SEA BRIGHT – For some still trying to get their homes repaired 15 months after Super Storm Sandy, help is on the way.
Sea Bright Rising has announced a partnership with St. Bernard Project, a Louisiana-based, not-for-profit organization that assists communities affected by natural disasters.
The organization will be establishing an operation here with Sea Bright Rising to rebuild damaged homes in Sea Bright, Rumson and Highlands, said Ilene Winters, Sea Bright Rising’s director.
As it has for previous disasters, St. Bernard Project will work with AmeriCorps, the federally sponsored community service organization which will provide leadership and training for the project, Winters said.
AmeriCorps members will serve as site supervisors at the homes to be rehabilitated and renovated, Winters said. Those involved in the new partnership and people with AmeriCorps will reach out to their network of organizations – including houses of worship, corporate sponsors and community groups – to recruit volunteers. They will seek as many with experience as possible to work with the site supervisors on the damaged homes, she said.
The hope is to restore roughly 300 homes in the three communities heavily impacted by the Oct. 29, 2012, storm. The project will probably take upward of 2 ½ years; cost estimates are $2.5 million with Sea Bright Rising taking the lead role in fundraising to finance the project, Winters said.
St. Bernard Project was quick to respond following Sandy, sending representatives shortly after the storm to establish a foothold in the communities to help.
However, Winters said, the project “needed a viable partner on the ground.” Initially, there wasn’t one in place as Sea Bright Rising was just starting at that point.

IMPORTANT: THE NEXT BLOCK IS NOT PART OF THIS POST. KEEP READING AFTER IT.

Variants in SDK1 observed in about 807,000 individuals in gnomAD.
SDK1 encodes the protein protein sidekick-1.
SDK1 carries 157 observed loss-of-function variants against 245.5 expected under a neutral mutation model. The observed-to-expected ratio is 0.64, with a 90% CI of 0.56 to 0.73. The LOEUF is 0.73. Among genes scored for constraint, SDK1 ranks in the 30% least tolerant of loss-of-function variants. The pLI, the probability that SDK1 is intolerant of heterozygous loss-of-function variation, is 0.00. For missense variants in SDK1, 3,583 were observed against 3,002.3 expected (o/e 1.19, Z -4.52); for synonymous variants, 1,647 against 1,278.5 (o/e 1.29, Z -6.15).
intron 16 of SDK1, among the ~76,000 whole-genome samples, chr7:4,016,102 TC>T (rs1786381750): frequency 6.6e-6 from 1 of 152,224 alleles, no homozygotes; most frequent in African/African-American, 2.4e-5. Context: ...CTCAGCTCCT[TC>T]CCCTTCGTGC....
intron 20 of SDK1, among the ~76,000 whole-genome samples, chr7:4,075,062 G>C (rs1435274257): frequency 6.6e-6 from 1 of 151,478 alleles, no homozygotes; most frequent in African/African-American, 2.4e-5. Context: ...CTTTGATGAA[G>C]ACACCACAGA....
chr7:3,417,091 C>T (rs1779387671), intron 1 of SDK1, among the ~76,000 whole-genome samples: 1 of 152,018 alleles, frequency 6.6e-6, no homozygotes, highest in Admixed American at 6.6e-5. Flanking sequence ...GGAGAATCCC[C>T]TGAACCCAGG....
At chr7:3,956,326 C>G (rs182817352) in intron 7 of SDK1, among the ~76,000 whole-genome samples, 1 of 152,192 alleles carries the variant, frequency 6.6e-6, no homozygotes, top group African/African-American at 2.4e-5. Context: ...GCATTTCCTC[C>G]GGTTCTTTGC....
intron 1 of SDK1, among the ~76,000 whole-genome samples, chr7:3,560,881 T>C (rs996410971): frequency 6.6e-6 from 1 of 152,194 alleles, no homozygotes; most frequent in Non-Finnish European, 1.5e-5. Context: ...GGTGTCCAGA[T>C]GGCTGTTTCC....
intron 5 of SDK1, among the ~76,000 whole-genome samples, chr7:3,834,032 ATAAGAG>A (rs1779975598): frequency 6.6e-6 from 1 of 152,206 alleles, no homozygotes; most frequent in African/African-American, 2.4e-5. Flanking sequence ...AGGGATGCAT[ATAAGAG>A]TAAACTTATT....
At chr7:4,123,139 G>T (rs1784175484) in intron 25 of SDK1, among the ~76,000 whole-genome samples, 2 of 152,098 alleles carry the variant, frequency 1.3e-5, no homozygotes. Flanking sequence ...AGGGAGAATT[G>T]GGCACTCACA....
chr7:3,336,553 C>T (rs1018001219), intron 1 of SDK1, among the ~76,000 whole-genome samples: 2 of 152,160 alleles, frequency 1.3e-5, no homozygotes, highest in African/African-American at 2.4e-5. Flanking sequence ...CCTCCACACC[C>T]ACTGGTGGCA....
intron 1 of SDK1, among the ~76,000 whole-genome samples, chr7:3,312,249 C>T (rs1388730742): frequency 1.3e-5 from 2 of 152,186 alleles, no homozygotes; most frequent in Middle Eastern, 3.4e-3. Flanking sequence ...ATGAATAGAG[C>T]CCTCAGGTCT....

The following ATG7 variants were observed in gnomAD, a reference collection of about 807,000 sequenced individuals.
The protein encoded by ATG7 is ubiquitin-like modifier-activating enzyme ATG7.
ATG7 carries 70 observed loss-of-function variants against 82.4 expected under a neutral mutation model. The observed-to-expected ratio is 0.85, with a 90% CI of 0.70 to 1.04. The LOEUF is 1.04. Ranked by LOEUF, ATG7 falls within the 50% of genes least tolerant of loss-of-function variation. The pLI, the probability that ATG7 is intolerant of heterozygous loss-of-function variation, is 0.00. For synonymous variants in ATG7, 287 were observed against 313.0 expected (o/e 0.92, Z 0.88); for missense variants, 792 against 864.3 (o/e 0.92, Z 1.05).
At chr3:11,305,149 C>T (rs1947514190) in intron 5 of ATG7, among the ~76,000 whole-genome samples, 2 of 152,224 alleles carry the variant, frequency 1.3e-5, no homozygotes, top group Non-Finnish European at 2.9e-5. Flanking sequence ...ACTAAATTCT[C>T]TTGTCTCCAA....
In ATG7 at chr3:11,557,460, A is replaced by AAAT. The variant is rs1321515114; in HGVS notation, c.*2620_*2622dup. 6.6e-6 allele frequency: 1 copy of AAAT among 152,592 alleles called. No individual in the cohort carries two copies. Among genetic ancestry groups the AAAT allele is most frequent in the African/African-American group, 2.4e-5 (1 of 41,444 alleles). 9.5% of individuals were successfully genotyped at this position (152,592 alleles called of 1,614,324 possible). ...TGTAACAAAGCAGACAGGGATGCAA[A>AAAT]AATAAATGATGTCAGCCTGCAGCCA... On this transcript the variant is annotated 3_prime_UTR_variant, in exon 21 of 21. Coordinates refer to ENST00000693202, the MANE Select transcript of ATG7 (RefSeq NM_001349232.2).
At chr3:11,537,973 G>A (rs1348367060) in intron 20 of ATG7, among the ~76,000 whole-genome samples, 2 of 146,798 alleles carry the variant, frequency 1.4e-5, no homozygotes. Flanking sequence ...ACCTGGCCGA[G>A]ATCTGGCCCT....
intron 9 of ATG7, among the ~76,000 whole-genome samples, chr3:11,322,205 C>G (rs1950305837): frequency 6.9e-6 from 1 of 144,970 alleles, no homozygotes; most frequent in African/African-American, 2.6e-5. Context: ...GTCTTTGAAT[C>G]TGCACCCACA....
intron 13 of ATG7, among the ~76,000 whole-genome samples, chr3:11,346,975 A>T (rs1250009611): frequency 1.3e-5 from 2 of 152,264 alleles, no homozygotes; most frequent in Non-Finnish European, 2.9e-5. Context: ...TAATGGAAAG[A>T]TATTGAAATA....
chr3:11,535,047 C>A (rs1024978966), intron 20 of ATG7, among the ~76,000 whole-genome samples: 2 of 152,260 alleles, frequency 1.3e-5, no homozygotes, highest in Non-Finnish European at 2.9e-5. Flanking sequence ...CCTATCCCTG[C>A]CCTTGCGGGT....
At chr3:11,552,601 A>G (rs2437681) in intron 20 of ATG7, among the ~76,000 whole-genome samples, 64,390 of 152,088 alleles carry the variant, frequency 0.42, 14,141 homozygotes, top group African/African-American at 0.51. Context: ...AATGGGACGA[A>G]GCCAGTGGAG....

Now that Sea Bright Rising is an established, high–profile not-for-profit at this point, “I think it’s a great fit,” Winters said. “It’s an opportunity to do wonderful things for people who really need it.”
Sea Bright Mayor Dina Long called the partnership “a dream come true. The St. Bernard Project “has a track record and experience using volunteer skilled labor to help homeowners leverage their home repair dollars,” she said.
The project will establish criteria for those seeking help, requiring homeowners to remain in those homes for a specific time following the work. The project will concentrate on those who haven’t been able to afford to get the necessary work done. Because of the time that has lapsed since the storm, “we have to assume the bulk of people who have yet to rebuild fit the criteria,” Winters said.
The partnership could be an opportunity for those who have walked away from damaged properties to find help and return, Winters added.
The emphasis will be on repairs and not rebuilding or elevating homes to meet federal flood mitigation standards – at least initially, Long noted.
“They may deal with that later on,” she said.
Over the holidays Long had the opportunity to visit New Orleans and the St. Bernard Project’s headquarters there. “I was really impressed by the kind of operation they run and the amount of homes they’ve rebuilt,” she said.
St. Bernard Project was founded in March 2006 to rebuild homes in the St. Bernard Parish of Louisiana destroyed by Hurricane Katrina.
To date the organizations and its volunteers have rebuilt more than 479 homes, according to the organization’s website.
In addition to Katrina, Long said the group has worked in Missouri helping communities recover from damaged caused by tornados; and has worked in the Sandy-damaged communities of Rockaway and Staten Island, N.Y.
Reese May, director of east coast operations for St. Bernard, did not immediately respond to a request for an interview.
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